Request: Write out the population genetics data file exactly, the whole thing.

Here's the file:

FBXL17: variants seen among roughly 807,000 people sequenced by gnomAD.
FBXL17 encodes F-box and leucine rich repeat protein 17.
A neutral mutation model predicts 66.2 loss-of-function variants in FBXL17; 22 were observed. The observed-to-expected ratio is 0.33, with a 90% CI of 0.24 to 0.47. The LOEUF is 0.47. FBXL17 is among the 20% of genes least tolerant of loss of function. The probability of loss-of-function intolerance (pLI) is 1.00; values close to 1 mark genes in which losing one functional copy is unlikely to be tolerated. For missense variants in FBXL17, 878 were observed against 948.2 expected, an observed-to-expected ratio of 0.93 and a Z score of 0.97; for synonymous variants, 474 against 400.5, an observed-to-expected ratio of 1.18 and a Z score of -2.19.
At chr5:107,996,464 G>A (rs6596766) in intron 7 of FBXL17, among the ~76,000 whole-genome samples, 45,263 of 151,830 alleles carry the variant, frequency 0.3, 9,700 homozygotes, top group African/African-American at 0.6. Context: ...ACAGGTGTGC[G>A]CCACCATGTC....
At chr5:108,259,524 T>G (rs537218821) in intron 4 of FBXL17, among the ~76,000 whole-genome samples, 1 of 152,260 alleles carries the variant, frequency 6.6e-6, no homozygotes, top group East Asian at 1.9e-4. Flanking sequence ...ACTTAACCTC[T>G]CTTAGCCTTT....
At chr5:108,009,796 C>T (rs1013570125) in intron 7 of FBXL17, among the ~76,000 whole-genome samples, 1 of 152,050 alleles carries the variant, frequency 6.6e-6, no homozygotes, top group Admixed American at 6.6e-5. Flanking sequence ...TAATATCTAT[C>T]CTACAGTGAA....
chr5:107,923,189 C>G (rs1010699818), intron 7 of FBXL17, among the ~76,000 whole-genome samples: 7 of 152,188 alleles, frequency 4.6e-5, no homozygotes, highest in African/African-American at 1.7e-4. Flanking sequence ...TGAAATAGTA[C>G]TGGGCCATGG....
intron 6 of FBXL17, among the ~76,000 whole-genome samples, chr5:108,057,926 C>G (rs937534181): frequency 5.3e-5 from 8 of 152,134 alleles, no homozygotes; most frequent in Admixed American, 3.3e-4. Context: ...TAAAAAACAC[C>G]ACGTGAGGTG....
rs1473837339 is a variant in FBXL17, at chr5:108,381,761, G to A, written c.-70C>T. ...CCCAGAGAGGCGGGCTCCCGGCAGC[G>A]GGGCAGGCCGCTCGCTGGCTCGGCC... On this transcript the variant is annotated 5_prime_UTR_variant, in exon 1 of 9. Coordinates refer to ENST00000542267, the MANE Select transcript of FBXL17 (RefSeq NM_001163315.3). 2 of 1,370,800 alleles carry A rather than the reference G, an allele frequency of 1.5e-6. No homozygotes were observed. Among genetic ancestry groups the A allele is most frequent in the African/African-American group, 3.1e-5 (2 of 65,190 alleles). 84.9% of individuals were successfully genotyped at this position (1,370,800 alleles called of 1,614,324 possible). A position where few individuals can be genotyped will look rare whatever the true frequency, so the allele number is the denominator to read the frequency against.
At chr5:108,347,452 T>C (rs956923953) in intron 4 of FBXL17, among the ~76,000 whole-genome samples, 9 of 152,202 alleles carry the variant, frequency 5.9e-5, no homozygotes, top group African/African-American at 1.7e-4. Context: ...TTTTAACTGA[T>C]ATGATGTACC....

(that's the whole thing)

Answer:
FBXL17: variants seen among roughly 807,000 people sequenced by gnomAD.
FBXL17 encodes F-box and leucine rich repeat protein 17.
A neutral mutation model predicts 66.2 loss-of-function variants in FBXL17; 22 were observed. The observed-to-expected ratio is 0.33, with a 90% CI of 0.24 to 0.47. The LOEUF is 0.47. FBXL17 is among the 20% of genes least tolerant of loss of function. The probability of loss-of-function intolerance (pLI) is 1.00; values close to 1 mark genes in which losing one functional copy is unlikely to be tolerated. For missense variants in FBXL17, 878 were observed against 948.2 expected, an observed-to-expected ratio of 0.93 and a Z score of 0.97; for synonymous variants, 474 against 400.5, an observed-to-expected ratio of 1.18 and a Z score of -2.19.
At chr5:107,996,464 G>A (rs6596766) in intron 7 of FBXL17, among the ~76,000 whole-genome samples, 45,263 of 151,830 alleles carry the variant, frequency 0.3, 9,700 homozygotes, top group African/African-American at 0.6. Context: ...ACAGGTGTGC[G>A]CCACCATGTC....
At chr5:108,259,524 T>G (rs537218821) in intron 4 of FBXL17, among the ~76,000 whole-genome samples, 1 of 152,260 alleles carries the variant, frequency 6.6e-6, no homozygotes, top group East Asian at 1.9e-4. Flanking sequence ...ACTTAACCTC[T>G]CTTAGCCTTT....
At chr5:108,009,796 C>T (rs1013570125) in intron 7 of FBXL17, among the ~76,000 whole-genome samples, 1 of 152,050 alleles carries the variant, frequency 6.6e-6, no homozygotes, top group Admixed American at 6.6e-5. Flanking sequence ...TAATATCTAT[C>T]CTACAGTGAA....
chr5:107,923,189 C>G (rs1010699818), intron 7 of FBXL17, among the ~76,000 whole-genome samples: 7 of 152,188 alleles, frequency 4.6e-5, no homozygotes, highest in African/African-American at 1.7e-4. Flanking sequence ...TGAAATAGTA[C>G]TGGGCCATGG....
intron 6 of FBXL17, among the ~76,000 whole-genome samples, chr5:108,057,926 C>G (rs937534181): frequency 5.3e-5 from 8 of 152,134 alleles, no homozygotes; most frequent in Admixed American, 3.3e-4. Context: ...TAAAAAACAC[C>G]ACGTGAGGTG....
rs1473837339 is a variant in FBXL17, at chr5:108,381,761, G to A, written c.-70C>T. ...CCCAGAGAGGCGGGCTCCCGGCAGC[G>A]GGGCAGGCCGCTCGCTGGCTCGGCC... On this transcript the variant is annotated 5_prime_UTR_variant, in exon 1 of 9. Coordinates refer to ENST00000542267, the MANE Select transcript of FBXL17 (RefSeq NM_001163315.3). 2 of 1,370,800 alleles carry A rather than the reference G, an allele frequency of 1.5e-6. No homozygotes were observed. Among genetic ancestry groups the A allele is most frequent in the African/African-American group, 3.1e-5 (2 of 65,190 alleles). 84.9% of individuals were successfully genotyped at this position (1,370,800 alleles called of 1,614,324 possible). A position where few individuals can be genotyped will look rare whatever the true frequency, so the allele number is the denominator to read the frequency against.
At chr5:108,347,452 T>C (rs956923953) in intron 4 of FBXL17, among the ~76,000 whole-genome samples, 9 of 152,202 alleles carry the variant, frequency 5.9e-5, no homozygotes, top group African/African-American at 1.7e-4. Context: ...TTTTAACTGA[T>C]ATGATGTACC....